Interventional Research in Palliative Care: Challenges and Opportunities

May 2013

Palliative care provides an interdisciplinary approach to caring for patients with life-threatening illnesses, with a focus on improving quality of life as it relates to physical, psychosocial, and spiritual dimensions. Palliative care has many forms, including management of physical symptoms, attention to spiritual and psychological distress, communication about life-threatening illness, and development of care plans that reflect individual goals. Each of these areas provides rich territory for intervention-based research. Yet interventional research in palliative care has many challenges, including a vulnerable population in which recruitment may be ethically complex and in which patients have limited lifespans, variable illness trajectories, and often, progressive symptoms that make assessment of intervention efficacy difficult. In addition, because palliative care is tailored to the wishes of the individual, assessing the effectiveness of outcomes is highly complex.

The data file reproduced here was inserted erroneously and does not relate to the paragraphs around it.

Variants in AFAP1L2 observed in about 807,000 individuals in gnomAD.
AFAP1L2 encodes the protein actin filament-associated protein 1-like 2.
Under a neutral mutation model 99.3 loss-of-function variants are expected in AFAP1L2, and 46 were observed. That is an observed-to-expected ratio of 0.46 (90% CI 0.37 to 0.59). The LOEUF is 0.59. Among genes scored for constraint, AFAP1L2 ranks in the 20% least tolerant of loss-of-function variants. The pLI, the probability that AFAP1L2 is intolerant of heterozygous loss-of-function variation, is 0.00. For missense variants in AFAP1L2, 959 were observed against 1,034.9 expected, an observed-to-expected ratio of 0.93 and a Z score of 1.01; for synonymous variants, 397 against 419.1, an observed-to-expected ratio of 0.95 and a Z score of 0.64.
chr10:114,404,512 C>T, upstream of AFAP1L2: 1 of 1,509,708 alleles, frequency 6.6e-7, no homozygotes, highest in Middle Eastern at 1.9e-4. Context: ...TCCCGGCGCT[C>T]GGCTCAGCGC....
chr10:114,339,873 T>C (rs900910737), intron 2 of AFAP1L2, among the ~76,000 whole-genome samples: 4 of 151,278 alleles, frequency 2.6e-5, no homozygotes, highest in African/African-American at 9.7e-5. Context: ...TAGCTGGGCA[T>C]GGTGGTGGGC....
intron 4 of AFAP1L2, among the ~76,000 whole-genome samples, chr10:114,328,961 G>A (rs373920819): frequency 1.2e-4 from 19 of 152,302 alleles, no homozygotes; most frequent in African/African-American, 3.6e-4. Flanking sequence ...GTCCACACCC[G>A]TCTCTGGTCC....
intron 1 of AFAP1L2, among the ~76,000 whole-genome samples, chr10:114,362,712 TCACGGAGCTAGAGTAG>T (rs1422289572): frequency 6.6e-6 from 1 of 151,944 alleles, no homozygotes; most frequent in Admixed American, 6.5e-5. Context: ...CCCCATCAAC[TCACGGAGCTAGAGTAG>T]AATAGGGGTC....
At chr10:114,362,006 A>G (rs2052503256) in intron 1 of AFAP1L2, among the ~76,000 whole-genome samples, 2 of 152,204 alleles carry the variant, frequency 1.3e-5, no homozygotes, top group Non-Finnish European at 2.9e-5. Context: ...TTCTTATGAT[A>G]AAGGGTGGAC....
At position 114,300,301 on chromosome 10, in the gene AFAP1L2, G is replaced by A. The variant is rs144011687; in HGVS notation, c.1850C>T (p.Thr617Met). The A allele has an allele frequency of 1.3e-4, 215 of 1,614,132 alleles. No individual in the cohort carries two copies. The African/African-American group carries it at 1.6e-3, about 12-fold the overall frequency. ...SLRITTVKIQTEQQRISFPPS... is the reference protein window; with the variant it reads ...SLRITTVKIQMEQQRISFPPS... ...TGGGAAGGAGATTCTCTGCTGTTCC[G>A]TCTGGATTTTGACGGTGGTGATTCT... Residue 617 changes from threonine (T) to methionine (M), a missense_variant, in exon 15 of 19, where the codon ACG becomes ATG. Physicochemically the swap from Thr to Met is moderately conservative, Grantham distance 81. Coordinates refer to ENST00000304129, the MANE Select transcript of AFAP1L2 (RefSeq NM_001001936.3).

Harvard Medical School and the Harvard School of Public Health have some of the leading palliative care researchers in the country, but as yet there is no central forum for discussing research and developing collaborations. In addition, despite the number of palliative care researchers at Harvard, novel research in palliative care interventions is being performed by relatively few researchers here, with the bulk of the work being done around the country and the world. This seminar, focused on intervention-based research in palliative care, aims to bring together local faculty to foster learning and collaboration, and to gather national leaders in the field at Harvard to share their experience and expertise. The ultimate goal of this seminar is to foster interventional research in palliative care at Harvard University. 

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